Journeys of an Experimental Philosopher
I love medicinal plants and chemistry. And I love learning new things. And I love using my knowledge in practice. My newly founded business – Herbae Thylacini – allows me to take the advantage of all of my passions. It is a unique project connecting my life-long interests in pharmacy, medicinal plants and research & education. Herbae Thylacini is based on Bruny Island, a small island of Tasmania (a slightly bigger island of Australia). Here, in the natural wonder of Bruny Island, I hand-craft herbal products for skin and dental care made from natural ingredients and featuring Australian medicinal plants. I research the local flora and I educate broad public about medicinal plants, focusing on those native to Australia.
I can’t believe six months have passed since my PhD defence! Life has been pretty busy since then, despite my brave plans of taking long holidays. During the last half a year I managed to move over to the other side of the planet into a semi-self-sustainable house on an island (Bruny Island) of an island (Tasmania) of an island (Australia), which was on itself quite a big task. I also ventured off to Auckland, New Zealand, took part in a plant identification course, submitted a research proposal and learned heaps about native Tasmanian flora. And perhaps most importantly, I managed to submit a major visa application. Before starting to reflect on what it feels like living in the bush and commuting to the nearest (40km) town by a ferry, on the practicalities of bringing dreams to reality and connecting my passions, I must have one last look back to the PhD land: To the day of my defence.
By the end of May, my weekly e-mail feed on ecology and land conservation brought an exciting invitation: a course on Advanced Plant Identification Skills. The course held at the University of New South Wales in Sydney promised to teach how to use floral keys along with intensive practical sessions in plant identification. It focused on the flora of Sydney region including native Australian as well as introduced species. Since I am currently spending some time in Australia and have a great interest in local flora - so different from what I know from home - I became extremely keen on participation. The only thing that put me off was the price which was, for a fresh non-student, pretty high.
After the "Thesis Content Treaty", which came into force by the beginning of November, I felt relieved yet ever more determined to finish up the writing and get my PhD. My partner was leaving Europe to return to Australia by the end of February and I wanted to make sure I am finished with my PhD by then. Since I was the first of Ron’s PhD students to graduate from Maastricht University, I had to make special efforts to tick all the bureaucratic boxes. Given my situation, I could not allow for any delays and every step taken had to work out on the first attempt. That of course made things pretty stressful.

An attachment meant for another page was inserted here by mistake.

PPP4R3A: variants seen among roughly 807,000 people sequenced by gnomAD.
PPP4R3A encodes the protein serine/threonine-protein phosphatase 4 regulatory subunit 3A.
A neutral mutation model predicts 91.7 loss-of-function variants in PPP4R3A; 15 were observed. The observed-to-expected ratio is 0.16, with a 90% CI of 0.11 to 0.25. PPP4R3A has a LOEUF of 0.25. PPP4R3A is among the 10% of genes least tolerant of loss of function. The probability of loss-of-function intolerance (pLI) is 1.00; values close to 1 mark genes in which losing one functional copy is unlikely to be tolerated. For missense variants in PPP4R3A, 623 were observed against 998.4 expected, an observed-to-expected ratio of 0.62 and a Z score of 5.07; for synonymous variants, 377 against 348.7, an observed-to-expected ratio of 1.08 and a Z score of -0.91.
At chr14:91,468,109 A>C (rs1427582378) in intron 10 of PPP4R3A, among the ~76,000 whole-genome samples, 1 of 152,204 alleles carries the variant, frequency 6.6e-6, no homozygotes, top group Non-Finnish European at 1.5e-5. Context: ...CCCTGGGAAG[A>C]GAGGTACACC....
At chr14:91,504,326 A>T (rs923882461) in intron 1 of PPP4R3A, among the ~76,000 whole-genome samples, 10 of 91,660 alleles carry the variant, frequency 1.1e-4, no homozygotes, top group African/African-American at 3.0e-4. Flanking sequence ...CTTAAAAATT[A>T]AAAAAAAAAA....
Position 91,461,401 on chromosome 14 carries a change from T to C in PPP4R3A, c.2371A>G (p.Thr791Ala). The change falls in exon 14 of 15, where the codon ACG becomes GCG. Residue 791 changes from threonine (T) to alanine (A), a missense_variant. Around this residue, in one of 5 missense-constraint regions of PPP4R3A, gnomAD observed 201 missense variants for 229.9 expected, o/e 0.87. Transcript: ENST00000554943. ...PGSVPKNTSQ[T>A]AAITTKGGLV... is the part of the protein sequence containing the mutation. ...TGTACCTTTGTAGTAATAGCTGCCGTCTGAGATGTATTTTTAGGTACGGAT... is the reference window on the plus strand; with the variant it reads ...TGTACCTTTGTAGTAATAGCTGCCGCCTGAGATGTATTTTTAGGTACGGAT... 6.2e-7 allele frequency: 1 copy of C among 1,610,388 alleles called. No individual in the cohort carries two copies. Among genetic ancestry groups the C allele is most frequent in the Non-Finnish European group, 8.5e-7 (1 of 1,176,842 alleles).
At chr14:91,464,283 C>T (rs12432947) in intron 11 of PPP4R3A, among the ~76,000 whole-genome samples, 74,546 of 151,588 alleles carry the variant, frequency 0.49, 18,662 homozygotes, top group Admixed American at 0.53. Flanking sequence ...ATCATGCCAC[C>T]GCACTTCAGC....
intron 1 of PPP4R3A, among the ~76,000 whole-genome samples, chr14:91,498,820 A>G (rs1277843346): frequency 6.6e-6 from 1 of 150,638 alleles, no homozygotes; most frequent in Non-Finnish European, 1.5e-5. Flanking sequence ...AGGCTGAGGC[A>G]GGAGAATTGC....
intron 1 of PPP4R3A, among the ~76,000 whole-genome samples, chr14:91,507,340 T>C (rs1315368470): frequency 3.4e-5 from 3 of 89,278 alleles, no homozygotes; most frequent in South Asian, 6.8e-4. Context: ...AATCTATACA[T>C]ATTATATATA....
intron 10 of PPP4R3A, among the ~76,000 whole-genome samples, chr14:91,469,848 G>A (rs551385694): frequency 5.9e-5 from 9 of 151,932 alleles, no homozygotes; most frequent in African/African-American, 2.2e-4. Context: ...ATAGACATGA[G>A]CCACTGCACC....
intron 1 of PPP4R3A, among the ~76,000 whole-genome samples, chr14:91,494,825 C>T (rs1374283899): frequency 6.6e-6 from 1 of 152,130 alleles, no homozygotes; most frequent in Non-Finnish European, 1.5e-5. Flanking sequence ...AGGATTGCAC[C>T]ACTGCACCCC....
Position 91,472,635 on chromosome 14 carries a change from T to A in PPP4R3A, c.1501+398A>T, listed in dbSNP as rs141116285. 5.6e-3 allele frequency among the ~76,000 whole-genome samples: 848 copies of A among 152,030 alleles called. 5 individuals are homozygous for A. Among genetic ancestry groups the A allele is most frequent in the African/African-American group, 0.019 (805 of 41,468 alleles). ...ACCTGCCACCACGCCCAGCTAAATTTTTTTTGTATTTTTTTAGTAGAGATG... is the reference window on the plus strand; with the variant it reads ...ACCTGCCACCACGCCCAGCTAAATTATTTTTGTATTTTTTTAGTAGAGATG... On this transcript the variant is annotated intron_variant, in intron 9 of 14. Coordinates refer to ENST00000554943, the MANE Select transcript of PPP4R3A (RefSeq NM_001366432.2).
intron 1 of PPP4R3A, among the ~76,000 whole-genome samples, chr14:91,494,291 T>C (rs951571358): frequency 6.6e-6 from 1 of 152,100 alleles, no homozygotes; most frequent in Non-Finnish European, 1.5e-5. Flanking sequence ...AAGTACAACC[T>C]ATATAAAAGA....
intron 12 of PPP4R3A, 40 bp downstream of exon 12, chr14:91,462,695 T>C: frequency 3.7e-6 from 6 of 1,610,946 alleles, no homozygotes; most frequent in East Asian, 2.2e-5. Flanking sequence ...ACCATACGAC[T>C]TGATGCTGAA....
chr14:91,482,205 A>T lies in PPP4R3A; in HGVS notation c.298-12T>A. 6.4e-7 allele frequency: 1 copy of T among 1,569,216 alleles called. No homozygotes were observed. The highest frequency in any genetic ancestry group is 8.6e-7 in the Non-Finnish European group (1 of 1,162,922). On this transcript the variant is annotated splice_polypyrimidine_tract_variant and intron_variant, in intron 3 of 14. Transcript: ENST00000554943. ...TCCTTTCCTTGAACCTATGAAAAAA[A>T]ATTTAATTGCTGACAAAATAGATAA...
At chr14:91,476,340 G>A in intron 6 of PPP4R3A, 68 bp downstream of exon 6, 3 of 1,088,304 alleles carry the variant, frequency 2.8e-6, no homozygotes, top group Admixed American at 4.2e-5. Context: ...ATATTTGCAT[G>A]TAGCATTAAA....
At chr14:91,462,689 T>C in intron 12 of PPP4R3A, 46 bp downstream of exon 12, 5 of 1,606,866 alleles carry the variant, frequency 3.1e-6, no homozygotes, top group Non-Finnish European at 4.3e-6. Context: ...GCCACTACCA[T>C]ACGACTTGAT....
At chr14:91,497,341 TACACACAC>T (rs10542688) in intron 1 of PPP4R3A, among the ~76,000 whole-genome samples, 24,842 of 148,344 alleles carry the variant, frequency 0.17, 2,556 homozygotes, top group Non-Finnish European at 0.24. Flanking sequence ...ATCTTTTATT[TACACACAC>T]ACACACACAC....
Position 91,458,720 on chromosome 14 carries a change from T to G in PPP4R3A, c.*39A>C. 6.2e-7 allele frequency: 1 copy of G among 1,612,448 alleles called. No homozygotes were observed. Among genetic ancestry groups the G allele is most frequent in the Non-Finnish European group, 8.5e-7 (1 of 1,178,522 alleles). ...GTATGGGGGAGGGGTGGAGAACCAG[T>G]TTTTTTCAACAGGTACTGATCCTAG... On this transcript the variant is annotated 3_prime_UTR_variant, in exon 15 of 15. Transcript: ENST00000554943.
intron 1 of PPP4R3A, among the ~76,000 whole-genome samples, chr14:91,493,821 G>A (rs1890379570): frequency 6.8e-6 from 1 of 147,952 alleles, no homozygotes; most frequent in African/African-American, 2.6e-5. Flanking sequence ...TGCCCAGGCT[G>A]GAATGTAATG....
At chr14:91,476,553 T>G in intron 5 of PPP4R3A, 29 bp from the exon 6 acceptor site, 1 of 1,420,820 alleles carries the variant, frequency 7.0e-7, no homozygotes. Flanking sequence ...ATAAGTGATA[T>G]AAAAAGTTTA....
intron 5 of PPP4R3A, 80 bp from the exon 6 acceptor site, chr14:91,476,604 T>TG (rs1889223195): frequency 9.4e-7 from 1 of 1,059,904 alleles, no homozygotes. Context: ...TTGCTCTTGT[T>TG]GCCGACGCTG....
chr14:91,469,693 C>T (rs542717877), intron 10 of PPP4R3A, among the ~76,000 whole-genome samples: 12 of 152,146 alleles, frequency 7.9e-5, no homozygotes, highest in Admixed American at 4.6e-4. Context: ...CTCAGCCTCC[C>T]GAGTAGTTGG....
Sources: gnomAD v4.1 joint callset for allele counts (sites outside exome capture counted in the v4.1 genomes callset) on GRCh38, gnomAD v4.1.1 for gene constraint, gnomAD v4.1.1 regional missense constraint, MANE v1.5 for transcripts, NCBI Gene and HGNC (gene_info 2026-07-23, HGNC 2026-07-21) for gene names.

The last post about my PhD journey was a report on the move of my research group from Amsterdam to Maastricht. Despite the blog going silent for quite a while, my PhD journey was ongoing and I actually managed to finish my doctorate between the last one and the current blog post. As you can imagine, the Move I was writing about changed quite a few things: some for better, some for worse. Had I not stopped blogging, the latter category could have been perhaps emptier. Lately I have made a big move again. Before writing about my current Journey, however, I would like to take a look back and reflect on the crazy times of the last steps on my PhD Odyssey.
Some things in life do not require precise planning. Some things click naturally without any obvious efforts. Last couple of years have found me on a roller coaster called PhD research while thinking about my life-long passion: the medicinal plants. I was wondering why the Universe guided me to and on the journey of brain imaging (Which totally got me in the meantime, by the way.) Where is the link to the plants and healing, I was thinking every so often. Until a few months ago when I theoretically stepped into an exciting field: plant neurobiology! Click!
How to move a research lab across the whole country and don’t go mad? From Amsterdam to Maastricht – from AMOLF to M4I
One dark wintery afternoon my office mate announced me she would be moving to Delft. And that she would be doing so for her supervisor decided to relocate the whole research from Amsterdam to the university in Delft. "That sucks!" was the first that came to my mind and found its way out on my lips, too. I would not want to move to another city for a reason like that during my PhD… CUT.
Fat dominates my life at the moment! No, I am not getting obese and my cholesterol level is pretty alright! But lipids (that is fat, basically) are the molecules I am currently researching. Fat is also heavily discussed within my tri-athletic circle. And not that we are trumping each other in the consumption of skinny lattes and low-fat cheese…
The more you know the less you think you know. If you have a feeling you must have read this here already, you are quite right. I don’t wanna repeat myself but this is something that hits you badly at the ASMS. This annual huge mass spectrometry feast took place in Baltimore between 15th and 19th June this year and I had the opportunity to check on it with several colleagues from AMOLF.
I remember the day as if it was yesterday. The Day when I decided to become a triathlete. It was an early November Friday noon and I was on a soon-to-become regular training with Janine in a swimming pool in Amsterdam Oost. Finishing the session being full of endorphins I made a sudden decision: Let’s tri-race! (Actually the decision sounded more like Let’s complete a HalfIronMan in 2014! which turned up to be a rather brave decision.)